CBD products have their roots in the cannabis dispensaries. This is where CBD product innovation began, and it’s where many CBD consumers originally went to learn about these products. It’s also where customers will now find “budtenders,” the resident experts on everything cannabis-related, including CBD. The one thing a customer won’t typically find at a dispensary, however, is someone rushing them out the door.
Planet 13 is a case in point. Sure, it’s a bit of a tourist trap set up for people to explore, linger and take tons of photos. But it was my experience — once I made my way up to the register and spoke with the budtender — that hammered home just how much importance is placed on their knowledge and ability to truly consult with customers.
The Planet 13 dispensary is right off the strip, and as soon as you reach the front you can see that the place was designed to be an experience, with interactive lighting and stunning visual effects all around the exterior. Inside it’s also beautiful, set up with lounges, a coffee shop and plenty of places to hang out.
Once inside, you check in at the front desk, where an associate checks your ID and enters your info into their computer, then prints a ticket stub with a QR-code. You scan this at the turnstile to enter, then scan it at one of several kiosks set up at the entrance and enter your mobile phone number. This places you into a digital queue, which is displayed on screens around the perimeter, letting you know how many people are ahead of you. There are no “lines” at the registers here; you don’t see the budtender until your name is called.
During this wait time, visitors peruse the dozens of glass display cases stationed throughout the store to check out all of the available cannabis products. CBD products range from tinctures to gummies, flowers to beverages, topicals to vapes and everything in between. Both branded and store brand products are available. Some are CBD only, while others are a blend of THC and CBD — which together provide an “entourage effect,” meaning one enhances the effects of the other.
After perusing the aisles for approximately 10 minutes, which flew by as there were so many interesting things to look at, I was texted with my assigned register location, and I headed over to the budtender’s station.
This was where the difference between a dispensary and mass retail store clearly stood out. Over the next 10 minutes, the budtender answered every question I threw at him regarding CBD: What was the main reason his consumers sought out CBD products (pain management was the most popular use occasion), what types of products were the biggest sellers (topicals), what are turpenes (aromatic metabolites found in the oils of plants), as well as what he thought the next big thing would be in the cannabinoid space (he answered CDN, or cannabinol, known for its mild sedative properties). I then purchased a Planet 13 T-shirt and a CBD beverage and was on my way.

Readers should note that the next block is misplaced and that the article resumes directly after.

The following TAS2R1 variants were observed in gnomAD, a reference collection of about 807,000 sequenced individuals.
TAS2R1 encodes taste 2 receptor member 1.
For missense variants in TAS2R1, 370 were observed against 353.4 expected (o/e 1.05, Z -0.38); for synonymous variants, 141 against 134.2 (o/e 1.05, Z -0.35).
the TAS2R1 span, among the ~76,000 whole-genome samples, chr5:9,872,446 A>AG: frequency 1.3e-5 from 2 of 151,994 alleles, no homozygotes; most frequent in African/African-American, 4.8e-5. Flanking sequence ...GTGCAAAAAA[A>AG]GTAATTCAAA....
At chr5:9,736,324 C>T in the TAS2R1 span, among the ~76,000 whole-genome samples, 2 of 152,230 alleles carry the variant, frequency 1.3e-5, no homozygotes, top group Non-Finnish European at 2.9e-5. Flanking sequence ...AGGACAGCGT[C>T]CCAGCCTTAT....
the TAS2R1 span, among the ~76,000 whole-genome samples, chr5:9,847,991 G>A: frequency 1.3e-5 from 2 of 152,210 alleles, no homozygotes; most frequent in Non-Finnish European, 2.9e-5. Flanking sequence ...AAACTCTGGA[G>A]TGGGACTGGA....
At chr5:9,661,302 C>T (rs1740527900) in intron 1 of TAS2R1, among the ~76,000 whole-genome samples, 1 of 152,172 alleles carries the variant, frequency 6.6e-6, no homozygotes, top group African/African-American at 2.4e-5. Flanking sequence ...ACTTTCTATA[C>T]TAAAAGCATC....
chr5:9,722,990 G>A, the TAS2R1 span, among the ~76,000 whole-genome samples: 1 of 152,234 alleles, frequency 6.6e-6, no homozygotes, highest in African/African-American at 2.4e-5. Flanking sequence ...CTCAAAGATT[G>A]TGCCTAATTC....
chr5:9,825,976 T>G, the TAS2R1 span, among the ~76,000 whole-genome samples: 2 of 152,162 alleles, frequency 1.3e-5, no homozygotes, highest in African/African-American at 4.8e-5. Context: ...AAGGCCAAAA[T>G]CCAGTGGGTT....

If I had more questions, I’m sure he would have been happy to answer them. Because of the nature of the queue management system, there is no one waiting in line behind me, and so the budtender was free to deliver a truly unrushed consultative sales experience. Think more Apple Genius Bar and less grocery store.
And that’s one challenge mass retail is going to have to overcome: CBD consumers, particularly those who have previously shopped at a dispensary, are used to this kind of consultative sales approach, where the associate is incredibly knowledgeable and takes his or her time to ensure that every question the shopper has is answered, and that they walk out with the exact product and the perfect dosage that will best suit their needs. And if they are new to CBD, they need an even more patient approach.
The typical fast-moving consumer goods retailer isn’t set up for this type of sale, and while associates have a good knowledge of the products on the shelves, developing the type of knowledge that a typical budtender has takes a lot of time and resources that many mass retailers simply don’t have or aren’t willing to dedicate to one product category.
So, if you are planning to carry a wide range of CBD products, you’ll have to do the following:
- Identify who your in-house CBD experts will be and train them extensively, not just on the details of the products you’ll be selling, but on how to educate consumers about them. This often means having the manufacturer of each product spending time educating them on each aspect of each product, the dosage and how they should be used.
- Include a legal consultation on what they can and cannot say to consumers about CBD products. This should go without saying, but you want to make sure they know what they can and cannot say.
- Most importantly, ensure that they have enough flexibility to spend adequate time with CBD customers, which may mean that they may occasionally have to drop other tasks in order to focus on educating a new CBD consumer.
One option, if you are looking to ramp up quickly, is to hire a budtender from a dispensary. This may be worth the expense if you are planning to go big with CBD. Or, if you can’t dedicate the resources to this kind of sale, consider carrying a smaller and more simplified selection of CBD products that will not require as extensive training, nor as much time spent consulting customers.
Either way, expect to dedicate a little more time to consulting with CBD shoppers than you typically would with shoppers from other categories, particularly if they are new to CBD. With these consumers, if you can provide a little guidance — and maybe some hand holding — you’ll soon become that go-to place for them. And if you haven’t done so already, try to visit a dispensary next time you are in a legal place like Las Vegas or Colorado, and see how you can apply some of their best practices to your own.
Joseph Tarnowski is vice president of content at ECRM.